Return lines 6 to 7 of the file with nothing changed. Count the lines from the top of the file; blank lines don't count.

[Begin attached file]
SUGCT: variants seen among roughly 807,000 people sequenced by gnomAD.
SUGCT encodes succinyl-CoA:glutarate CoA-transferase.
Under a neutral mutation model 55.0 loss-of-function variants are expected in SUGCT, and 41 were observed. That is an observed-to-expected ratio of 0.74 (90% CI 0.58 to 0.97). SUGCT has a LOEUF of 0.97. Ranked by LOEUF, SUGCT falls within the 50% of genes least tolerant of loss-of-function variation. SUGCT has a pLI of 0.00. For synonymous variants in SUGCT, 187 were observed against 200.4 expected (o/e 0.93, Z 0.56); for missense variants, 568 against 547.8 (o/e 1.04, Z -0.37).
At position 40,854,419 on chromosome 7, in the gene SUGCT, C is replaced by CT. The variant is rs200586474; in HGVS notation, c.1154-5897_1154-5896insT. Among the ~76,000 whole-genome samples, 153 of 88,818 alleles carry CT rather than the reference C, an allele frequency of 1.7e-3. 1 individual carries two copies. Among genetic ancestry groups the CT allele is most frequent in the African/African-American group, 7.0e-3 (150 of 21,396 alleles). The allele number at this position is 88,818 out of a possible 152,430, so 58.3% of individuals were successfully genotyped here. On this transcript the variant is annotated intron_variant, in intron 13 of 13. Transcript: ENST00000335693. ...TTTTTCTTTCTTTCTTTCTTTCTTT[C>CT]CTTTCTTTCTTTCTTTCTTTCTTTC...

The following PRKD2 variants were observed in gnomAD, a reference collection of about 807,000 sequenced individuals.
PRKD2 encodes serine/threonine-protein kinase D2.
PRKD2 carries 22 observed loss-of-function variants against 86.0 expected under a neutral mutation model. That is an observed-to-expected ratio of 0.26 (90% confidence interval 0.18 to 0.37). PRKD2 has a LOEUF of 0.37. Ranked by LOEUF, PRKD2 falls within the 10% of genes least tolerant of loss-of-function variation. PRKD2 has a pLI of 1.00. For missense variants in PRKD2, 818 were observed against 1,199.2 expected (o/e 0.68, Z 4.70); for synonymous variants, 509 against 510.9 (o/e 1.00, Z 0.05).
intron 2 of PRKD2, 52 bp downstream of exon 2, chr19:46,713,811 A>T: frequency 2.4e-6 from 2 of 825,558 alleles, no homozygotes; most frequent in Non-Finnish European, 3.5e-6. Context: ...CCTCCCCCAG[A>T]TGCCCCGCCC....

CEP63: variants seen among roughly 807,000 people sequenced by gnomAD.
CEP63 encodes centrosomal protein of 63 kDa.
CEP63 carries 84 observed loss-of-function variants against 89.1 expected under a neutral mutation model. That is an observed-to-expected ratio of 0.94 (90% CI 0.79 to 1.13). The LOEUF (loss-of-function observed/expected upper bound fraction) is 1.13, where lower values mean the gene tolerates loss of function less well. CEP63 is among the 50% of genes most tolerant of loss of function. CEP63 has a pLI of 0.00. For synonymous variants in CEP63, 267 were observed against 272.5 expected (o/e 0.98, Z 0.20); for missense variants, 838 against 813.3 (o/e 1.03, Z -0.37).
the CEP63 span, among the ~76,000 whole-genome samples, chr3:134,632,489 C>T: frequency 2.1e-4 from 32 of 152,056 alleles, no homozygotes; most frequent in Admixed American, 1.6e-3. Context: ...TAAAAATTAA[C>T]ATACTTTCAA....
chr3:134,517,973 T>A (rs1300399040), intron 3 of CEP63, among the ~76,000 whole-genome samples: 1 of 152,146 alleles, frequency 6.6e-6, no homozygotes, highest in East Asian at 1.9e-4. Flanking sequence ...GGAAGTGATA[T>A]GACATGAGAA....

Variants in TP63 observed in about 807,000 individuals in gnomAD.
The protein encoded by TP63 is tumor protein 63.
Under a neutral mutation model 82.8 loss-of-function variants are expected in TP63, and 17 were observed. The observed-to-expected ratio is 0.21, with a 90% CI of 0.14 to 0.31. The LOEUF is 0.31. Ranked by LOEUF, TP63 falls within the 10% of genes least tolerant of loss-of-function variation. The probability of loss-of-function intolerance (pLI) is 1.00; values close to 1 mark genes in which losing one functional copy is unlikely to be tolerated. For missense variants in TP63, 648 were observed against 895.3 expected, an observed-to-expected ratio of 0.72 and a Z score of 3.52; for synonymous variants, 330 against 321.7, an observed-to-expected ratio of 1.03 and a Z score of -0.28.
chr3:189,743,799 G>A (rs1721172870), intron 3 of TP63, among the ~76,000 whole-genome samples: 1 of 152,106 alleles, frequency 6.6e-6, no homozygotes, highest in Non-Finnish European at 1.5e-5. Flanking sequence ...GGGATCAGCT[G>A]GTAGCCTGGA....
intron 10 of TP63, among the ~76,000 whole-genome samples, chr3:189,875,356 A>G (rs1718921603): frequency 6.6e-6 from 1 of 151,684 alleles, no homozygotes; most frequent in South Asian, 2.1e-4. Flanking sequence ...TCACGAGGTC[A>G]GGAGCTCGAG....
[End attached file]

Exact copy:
PRKD2 encodes serine/threonine-protein kinase D2.
PRKD2 carries 22 observed loss-of-function variants against 86.0 expected under a neutral mutation model. That is an observed-to-expected ratio of 0.26 (90% confidence interval 0.18 to 0.37). PRKD2 has a LOEUF of 0.37. Ranked by LOEUF, PRKD2 falls within the 10% of genes least tolerant of loss-of-function variation. PRKD2 has a pLI of 1.00. For missense variants in PRKD2, 818 were observed against 1,199.2 expected (o/e 0.68, Z 4.70); for synonymous variants, 509 against 510.9 (o/e 1.00, Z 0.05).